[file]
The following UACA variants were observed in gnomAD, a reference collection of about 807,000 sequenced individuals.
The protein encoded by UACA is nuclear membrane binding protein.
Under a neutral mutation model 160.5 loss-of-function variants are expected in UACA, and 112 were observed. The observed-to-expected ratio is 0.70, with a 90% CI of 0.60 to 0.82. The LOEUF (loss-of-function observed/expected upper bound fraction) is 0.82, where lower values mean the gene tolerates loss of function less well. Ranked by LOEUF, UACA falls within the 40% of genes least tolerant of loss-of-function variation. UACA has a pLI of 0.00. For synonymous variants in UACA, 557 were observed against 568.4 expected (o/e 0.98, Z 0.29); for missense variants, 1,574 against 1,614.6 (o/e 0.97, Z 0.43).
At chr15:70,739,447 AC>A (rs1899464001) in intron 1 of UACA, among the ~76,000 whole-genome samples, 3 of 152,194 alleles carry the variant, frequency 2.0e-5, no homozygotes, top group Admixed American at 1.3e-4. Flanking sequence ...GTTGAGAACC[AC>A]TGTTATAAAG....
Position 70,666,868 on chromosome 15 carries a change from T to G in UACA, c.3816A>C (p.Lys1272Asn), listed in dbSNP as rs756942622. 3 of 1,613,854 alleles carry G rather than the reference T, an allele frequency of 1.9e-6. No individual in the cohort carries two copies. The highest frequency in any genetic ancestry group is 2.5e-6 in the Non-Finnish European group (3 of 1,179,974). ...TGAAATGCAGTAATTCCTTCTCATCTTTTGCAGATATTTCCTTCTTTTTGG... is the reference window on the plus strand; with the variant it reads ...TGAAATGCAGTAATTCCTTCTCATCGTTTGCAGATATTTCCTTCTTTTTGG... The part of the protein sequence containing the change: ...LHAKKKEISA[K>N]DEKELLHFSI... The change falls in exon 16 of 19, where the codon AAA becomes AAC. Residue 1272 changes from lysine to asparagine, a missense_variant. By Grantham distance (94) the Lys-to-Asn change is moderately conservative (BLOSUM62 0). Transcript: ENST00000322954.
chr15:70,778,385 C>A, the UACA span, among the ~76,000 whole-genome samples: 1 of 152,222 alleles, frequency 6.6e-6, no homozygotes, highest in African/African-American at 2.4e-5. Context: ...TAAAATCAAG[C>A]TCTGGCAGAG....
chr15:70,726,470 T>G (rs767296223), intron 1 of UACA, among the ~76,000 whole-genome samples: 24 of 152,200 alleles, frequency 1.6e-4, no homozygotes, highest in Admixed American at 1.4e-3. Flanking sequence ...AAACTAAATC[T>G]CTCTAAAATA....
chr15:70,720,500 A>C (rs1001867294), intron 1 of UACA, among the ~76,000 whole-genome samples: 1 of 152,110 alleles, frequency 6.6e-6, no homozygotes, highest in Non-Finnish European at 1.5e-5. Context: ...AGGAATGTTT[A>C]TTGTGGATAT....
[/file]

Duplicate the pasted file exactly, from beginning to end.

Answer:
The following UACA variants were observed in gnomAD, a reference collection of about 807,000 sequenced individuals.
The protein encoded by UACA is nuclear membrane binding protein.
Under a neutral mutation model 160.5 loss-of-function variants are expected in UACA, and 112 were observed. The observed-to-expected ratio is 0.70, with a 90% CI of 0.60 to 0.82. The LOEUF (loss-of-function observed/expected upper bound fraction) is 0.82, where lower values mean the gene tolerates loss of function less well. Ranked by LOEUF, UACA falls within the 40% of genes least tolerant of loss-of-function variation. UACA has a pLI of 0.00. For synonymous variants in UACA, 557 were observed against 568.4 expected (o/e 0.98, Z 0.29); for missense variants, 1,574 against 1,614.6 (o/e 0.97, Z 0.43).
At chr15:70,739,447 AC>A (rs1899464001) in intron 1 of UACA, among the ~76,000 whole-genome samples, 3 of 152,194 alleles carry the variant, frequency 2.0e-5, no homozygotes, top group Admixed American at 1.3e-4. Flanking sequence ...GTTGAGAACC[AC>A]TGTTATAAAG....
Position 70,666,868 on chromosome 15 carries a change from T to G in UACA, c.3816A>C (p.Lys1272Asn), listed in dbSNP as rs756942622. 3 of 1,613,854 alleles carry G rather than the reference T, an allele frequency of 1.9e-6. No individual in the cohort carries two copies. The highest frequency in any genetic ancestry group is 2.5e-6 in the Non-Finnish European group (3 of 1,179,974). ...TGAAATGCAGTAATTCCTTCTCATCTTTTGCAGATATTTCCTTCTTTTTGG... is the reference window on the plus strand; with the variant it reads ...TGAAATGCAGTAATTCCTTCTCATCGTTTGCAGATATTTCCTTCTTTTTGG... The part of the protein sequence containing the change: ...LHAKKKEISA[K>N]DEKELLHFSI... The change falls in exon 16 of 19, where the codon AAA becomes AAC. Residue 1272 changes from lysine to asparagine, a missense_variant. By Grantham distance (94) the Lys-to-Asn change is moderately conservative (BLOSUM62 0). Transcript: ENST00000322954.
chr15:70,778,385 C>A, the UACA span, among the ~76,000 whole-genome samples: 1 of 152,222 alleles, frequency 6.6e-6, no homozygotes, highest in African/African-American at 2.4e-5. Context: ...TAAAATCAAG[C>A]TCTGGCAGAG....
chr15:70,726,470 T>G (rs767296223), intron 1 of UACA, among the ~76,000 whole-genome samples: 24 of 152,200 alleles, frequency 1.6e-4, no homozygotes, highest in Admixed American at 1.4e-3. Flanking sequence ...AAACTAAATC[T>G]CTCTAAAATA....
chr15:70,720,500 A>C (rs1001867294), intron 1 of UACA, among the ~76,000 whole-genome samples: 1 of 152,110 alleles, frequency 6.6e-6, no homozygotes, highest in Non-Finnish European at 1.5e-5. Context: ...AGGAATGTTT[A>C]TTGTGGATAT....